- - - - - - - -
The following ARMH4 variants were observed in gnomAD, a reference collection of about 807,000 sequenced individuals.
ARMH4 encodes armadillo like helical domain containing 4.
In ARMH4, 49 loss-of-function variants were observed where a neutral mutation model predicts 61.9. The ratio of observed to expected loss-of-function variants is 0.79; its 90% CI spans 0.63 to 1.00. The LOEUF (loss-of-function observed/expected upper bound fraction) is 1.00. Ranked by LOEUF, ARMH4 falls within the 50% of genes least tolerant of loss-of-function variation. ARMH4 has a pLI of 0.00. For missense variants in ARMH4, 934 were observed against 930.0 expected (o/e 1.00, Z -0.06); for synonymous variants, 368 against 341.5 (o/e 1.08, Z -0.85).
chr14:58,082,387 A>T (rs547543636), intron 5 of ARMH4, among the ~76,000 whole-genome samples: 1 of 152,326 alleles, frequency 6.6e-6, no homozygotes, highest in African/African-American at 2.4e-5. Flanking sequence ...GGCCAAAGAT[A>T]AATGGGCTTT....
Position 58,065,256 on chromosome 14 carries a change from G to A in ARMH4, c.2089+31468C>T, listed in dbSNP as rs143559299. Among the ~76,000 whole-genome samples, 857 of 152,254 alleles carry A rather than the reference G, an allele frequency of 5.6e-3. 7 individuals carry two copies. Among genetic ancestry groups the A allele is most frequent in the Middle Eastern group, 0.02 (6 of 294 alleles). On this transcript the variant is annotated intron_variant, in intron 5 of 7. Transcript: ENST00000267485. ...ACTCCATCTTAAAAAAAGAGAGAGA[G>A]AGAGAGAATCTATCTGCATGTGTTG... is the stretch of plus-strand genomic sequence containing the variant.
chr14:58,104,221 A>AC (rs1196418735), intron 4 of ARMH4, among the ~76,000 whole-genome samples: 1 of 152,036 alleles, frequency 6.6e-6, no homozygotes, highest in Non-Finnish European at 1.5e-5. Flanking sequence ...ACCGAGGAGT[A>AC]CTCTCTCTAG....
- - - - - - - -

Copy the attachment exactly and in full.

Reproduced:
The following ARMH4 variants were observed in gnomAD, a reference collection of about 807,000 sequenced individuals.
ARMH4 encodes armadillo like helical domain containing 4.
In ARMH4, 49 loss-of-function variants were observed where a neutral mutation model predicts 61.9. The ratio of observed to expected loss-of-function variants is 0.79; its 90% CI spans 0.63 to 1.00. The LOEUF (loss-of-function observed/expected upper bound fraction) is 1.00. Ranked by LOEUF, ARMH4 falls within the 50% of genes least tolerant of loss-of-function variation. ARMH4 has a pLI of 0.00. For missense variants in ARMH4, 934 were observed against 930.0 expected (o/e 1.00, Z -0.06); for synonymous variants, 368 against 341.5 (o/e 1.08, Z -0.85).
chr14:58,082,387 A>T (rs547543636), intron 5 of ARMH4, among the ~76,000 whole-genome samples: 1 of 152,326 alleles, frequency 6.6e-6, no homozygotes, highest in African/African-American at 2.4e-5. Flanking sequence ...GGCCAAAGAT[A>T]AATGGGCTTT....
Position 58,065,256 on chromosome 14 carries a change from G to A in ARMH4, c.2089+31468C>T, listed in dbSNP as rs143559299. Among the ~76,000 whole-genome samples, 857 of 152,254 alleles carry A rather than the reference G, an allele frequency of 5.6e-3. 7 individuals carry two copies. Among genetic ancestry groups the A allele is most frequent in the Middle Eastern group, 0.02 (6 of 294 alleles). On this transcript the variant is annotated intron_variant, in intron 5 of 7. Transcript: ENST00000267485. ...ACTCCATCTTAAAAAAAGAGAGAGA[G>A]AGAGAGAATCTATCTGCATGTGTTG... is the stretch of plus-strand genomic sequence containing the variant.
chr14:58,104,221 A>AC (rs1196418735), intron 4 of ARMH4, among the ~76,000 whole-genome samples: 1 of 152,036 alleles, frequency 6.6e-6, no homozygotes, highest in Non-Finnish European at 1.5e-5. Flanking sequence ...ACCGAGGAGT[A>AC]CTCTCTCTAG....